Those guys aren’t the ones I’m addressing today. I hate them, they should all be killed in a very violent and painful way, and the world would be better. <—-this is just a joke
The people I’m addressing today are people like myself. People who NEED to use every resource available in order to win. People who need to be ultra diligent and ultra aware, or they will be break-even at best, probably losers.
I once pulled a trick on Glenn. After playing for several hours, I put my hands over his eyes and asked him how many chips each of his opponents had in front of them. I asked him how they were dressed, whether they were male or female and other details. I asked him how much the rake was, if it was being taken correctly, if there was a BBJ drop, and if so, how much was it?
He could remember a few details. The fish in seat three who had rebought four times. He could usually remember IF there was a woman at the table, but not what seat she was in, or any other details. As far as chips go, he could remember nothing. Ditto on the rake and BBJ drop. Oddly enough, however, Glenn has an uncanny memory when it comes to particular hands. He can remember how a hand played out years later, and sometimes even remember the opponent’s name or face. Usually they are situations where he took a “bad beat” (cough), but he does have an amazing ability to remember particulars about a big hand.
Now take me. I am anal about details to a fault. One time I was playing at a casino which still used quarters. I happened to glance down at my stack when not in a hand and noticed I WAS A QUARTER OFF. Yes, I really noticed ONE quarter missing. I later found it under the padded rail.
I know details about each of my opponents. I can close my eyes and tell you those details immediately. I know how much rake each cardroom takes before I take a seat. I know if they are taking it correctly, or if they are over raking the pot. I know if they have a bad beat jackpot, and if so, what the qualifier is. I know other promotions, too, and try to utilize them if it gives me an edge.
Probably the biggest compliment I’ve ever been given in poker is when someone told me I looked “just like Phil Ivey.” Yes, it got a laugh from the table, but later he went on to explain the hyper awareness similarity, although I’d known all along what he was talking about.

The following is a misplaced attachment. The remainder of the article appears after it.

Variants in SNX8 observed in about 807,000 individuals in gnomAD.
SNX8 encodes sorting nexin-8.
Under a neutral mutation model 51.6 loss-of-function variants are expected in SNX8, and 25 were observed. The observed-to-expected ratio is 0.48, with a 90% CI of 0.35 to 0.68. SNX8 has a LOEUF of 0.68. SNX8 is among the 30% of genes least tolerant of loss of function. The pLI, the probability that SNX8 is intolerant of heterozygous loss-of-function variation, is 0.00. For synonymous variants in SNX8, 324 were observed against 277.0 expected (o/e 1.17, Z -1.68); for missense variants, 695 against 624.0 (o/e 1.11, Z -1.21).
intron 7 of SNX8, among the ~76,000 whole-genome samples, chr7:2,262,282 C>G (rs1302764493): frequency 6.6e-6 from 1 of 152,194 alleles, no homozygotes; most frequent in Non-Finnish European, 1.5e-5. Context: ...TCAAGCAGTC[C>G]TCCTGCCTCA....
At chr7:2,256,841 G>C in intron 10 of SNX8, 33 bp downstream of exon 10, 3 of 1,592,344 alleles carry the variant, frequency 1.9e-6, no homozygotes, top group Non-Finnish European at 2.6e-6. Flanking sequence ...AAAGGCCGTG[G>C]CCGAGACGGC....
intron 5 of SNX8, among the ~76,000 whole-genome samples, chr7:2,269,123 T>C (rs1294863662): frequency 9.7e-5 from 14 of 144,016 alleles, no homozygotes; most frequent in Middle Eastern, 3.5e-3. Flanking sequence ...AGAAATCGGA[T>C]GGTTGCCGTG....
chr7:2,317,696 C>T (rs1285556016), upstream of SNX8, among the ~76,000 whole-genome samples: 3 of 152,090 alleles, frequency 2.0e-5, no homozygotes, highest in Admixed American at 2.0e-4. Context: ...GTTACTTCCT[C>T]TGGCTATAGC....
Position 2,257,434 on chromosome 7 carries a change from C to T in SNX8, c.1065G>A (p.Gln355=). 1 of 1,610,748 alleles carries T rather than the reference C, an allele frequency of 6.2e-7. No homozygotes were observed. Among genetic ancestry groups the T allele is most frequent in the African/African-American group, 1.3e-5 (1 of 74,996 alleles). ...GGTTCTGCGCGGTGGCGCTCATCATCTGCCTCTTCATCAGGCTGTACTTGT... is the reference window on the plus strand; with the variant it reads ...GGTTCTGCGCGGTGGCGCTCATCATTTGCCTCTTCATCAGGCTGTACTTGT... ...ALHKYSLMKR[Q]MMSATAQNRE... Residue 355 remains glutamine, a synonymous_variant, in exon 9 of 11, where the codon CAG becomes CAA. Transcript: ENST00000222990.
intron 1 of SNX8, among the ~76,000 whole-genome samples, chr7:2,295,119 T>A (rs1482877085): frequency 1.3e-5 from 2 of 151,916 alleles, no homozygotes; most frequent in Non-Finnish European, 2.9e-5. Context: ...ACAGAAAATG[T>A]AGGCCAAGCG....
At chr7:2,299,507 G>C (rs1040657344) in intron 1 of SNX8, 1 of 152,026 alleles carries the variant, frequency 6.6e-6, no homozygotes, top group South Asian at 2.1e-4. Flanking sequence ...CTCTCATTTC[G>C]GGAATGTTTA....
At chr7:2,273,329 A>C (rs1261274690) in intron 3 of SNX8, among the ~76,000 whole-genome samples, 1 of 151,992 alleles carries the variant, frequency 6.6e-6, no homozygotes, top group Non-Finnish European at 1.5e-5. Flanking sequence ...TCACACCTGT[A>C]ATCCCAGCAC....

Too bad I don’t play like Phil, eh?
So, at the top, I stated that someone is probably either born with this type of awareness, or not. I’m not sure that it can be taught properly, and I wonder if some “natural” players will even be handicapped by trying to learn.
At the very least, however, you should be informed of some things that are costing you a lot of money. After all, if you are a winner at poker, why not win more (or save more, as the case may be)? By bringing a check list to the cardroom, you can ask a few simple questions before sitting down, and perhaps double your earnings. It won’t intrude on your game at all, nor do you have to be hyper aware while actually playing. It is a win/win situation.
For those of us who ARE capable of being hyper aware, work on honing this edge you have at the tables. Make it a weapon, a blunt object with which to bludgeon your opponents, and get extra winnings into your bankroll.
As far as letting others know just how aware you are at the table, don’t do it. Just sit and act like a fish. Don’t go there. Don’t tell others you know exactly how much money they have in front of them. Don’t tell the dealer he or she is raking too much (go to the podium instead), don’t give others any indication that you are there for any other reason than they are, to have a good time at the poker tables.
Your hyper awareness can be a valuable tool in poker. Use it to your advantage, and you might find a couple of extra pennies to rub together in an otherwise break even situation.